Human driven changes such as increases in oceanic CO2, global warming, petroleum hydrocarbons and heavy metals may negatively affect the ability of marine calcifiers to build their skeletons/shells, especially in polar regions. We examine spatio-temporal variability of skeletal Mg-calcite in shallow water Antarctic marine invertebrates using bryozoan and spirorbids as models in a recruitment experiment of settlement tiles in East Antarctica. Mineralogies were determined for 754 specimens belonging to six bryozoan species (four cheilostome and two cyclostome species) and two spirorbid species from around Casey Station. Intra- and interspecific variability in wt% MgCO3 in calcite among most species was the largest source of variation overall. Therefore, the skeletal Mg-calcite in these taxa seem to be mainly biologically controlled. However, significant spatial variability was also found in wt% MgCO3 in calcite, possibly reflecting local environment variation from sources such as freshwater input and contaminated sediments. Species with high-Mg calcite skeletons (e.g. Beania erecta) could be particularly sensitive to multiple stressors under predictions for near-future global ocean chemistry changes such as increasing temperature, ocean acidification and pollution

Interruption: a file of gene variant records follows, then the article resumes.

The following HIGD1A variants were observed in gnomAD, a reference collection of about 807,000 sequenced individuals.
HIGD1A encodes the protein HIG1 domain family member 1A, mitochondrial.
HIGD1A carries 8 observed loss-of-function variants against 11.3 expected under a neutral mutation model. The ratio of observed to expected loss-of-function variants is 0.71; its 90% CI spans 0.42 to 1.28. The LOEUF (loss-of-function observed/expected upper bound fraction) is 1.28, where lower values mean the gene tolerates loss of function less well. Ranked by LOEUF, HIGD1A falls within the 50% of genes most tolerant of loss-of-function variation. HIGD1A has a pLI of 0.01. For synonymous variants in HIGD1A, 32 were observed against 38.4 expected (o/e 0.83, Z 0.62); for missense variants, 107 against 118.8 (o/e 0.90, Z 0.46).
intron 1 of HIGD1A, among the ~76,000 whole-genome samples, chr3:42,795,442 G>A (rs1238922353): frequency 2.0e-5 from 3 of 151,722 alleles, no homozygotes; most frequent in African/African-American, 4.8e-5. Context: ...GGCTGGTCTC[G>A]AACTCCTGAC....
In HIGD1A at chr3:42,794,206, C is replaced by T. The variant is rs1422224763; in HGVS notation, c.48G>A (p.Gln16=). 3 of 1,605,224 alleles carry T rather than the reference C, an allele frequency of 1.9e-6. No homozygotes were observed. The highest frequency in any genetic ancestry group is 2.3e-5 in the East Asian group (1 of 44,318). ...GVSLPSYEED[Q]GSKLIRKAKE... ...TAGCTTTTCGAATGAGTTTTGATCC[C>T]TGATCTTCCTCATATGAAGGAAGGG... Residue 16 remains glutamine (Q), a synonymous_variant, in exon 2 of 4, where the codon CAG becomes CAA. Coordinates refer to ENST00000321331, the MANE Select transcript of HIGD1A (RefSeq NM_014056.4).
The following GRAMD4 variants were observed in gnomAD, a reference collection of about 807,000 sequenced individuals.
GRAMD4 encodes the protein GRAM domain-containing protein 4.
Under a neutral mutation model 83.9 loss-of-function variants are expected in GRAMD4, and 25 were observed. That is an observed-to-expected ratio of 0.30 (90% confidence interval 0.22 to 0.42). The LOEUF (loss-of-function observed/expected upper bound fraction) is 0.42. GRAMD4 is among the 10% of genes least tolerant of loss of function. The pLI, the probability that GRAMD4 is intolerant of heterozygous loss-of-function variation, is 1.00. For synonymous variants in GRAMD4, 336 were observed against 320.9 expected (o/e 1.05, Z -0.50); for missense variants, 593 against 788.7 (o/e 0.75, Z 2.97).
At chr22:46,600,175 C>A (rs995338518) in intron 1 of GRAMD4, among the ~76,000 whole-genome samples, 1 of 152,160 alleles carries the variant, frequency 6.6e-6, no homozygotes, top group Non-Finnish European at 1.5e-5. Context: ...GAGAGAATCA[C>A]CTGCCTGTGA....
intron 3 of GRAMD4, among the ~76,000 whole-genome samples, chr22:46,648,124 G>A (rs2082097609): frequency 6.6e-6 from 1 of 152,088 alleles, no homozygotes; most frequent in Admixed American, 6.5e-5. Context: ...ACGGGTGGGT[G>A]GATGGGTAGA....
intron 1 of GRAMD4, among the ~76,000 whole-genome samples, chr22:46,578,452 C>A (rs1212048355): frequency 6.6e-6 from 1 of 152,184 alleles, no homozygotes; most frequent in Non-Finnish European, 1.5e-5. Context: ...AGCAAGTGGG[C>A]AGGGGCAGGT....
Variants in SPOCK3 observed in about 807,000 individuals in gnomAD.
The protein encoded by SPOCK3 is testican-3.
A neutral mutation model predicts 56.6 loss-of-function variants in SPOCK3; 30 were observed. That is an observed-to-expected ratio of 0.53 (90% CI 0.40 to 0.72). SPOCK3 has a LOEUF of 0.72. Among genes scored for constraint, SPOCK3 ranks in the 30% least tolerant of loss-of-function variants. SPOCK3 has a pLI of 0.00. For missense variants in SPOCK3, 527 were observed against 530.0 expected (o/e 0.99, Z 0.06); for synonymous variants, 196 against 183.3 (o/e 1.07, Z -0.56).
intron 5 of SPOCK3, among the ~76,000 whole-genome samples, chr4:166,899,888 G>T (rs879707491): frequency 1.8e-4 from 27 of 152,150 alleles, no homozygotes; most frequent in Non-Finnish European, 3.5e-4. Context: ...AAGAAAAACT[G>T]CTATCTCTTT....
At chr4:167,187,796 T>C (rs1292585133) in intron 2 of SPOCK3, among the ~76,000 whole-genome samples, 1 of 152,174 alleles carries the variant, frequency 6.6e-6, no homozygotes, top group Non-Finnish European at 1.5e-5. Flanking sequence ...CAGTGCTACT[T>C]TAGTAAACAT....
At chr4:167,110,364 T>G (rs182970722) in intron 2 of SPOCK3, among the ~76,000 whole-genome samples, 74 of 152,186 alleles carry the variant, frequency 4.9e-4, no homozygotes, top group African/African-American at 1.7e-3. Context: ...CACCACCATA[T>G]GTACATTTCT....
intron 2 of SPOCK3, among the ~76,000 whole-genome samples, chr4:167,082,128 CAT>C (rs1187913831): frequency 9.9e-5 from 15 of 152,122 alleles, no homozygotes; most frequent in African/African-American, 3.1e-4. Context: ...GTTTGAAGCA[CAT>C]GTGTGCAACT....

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Figuerola, B., Gore, D. B., Johnstone, G., & Stark, J. S. (2019). Spatio-temporal variation of skeletal Mg-calcite in Antarctic marine calcifiers. PLoS ONE, 14(5), 1-18. [e0210231]. https://doi.org/10.1371/journal.pone.0210231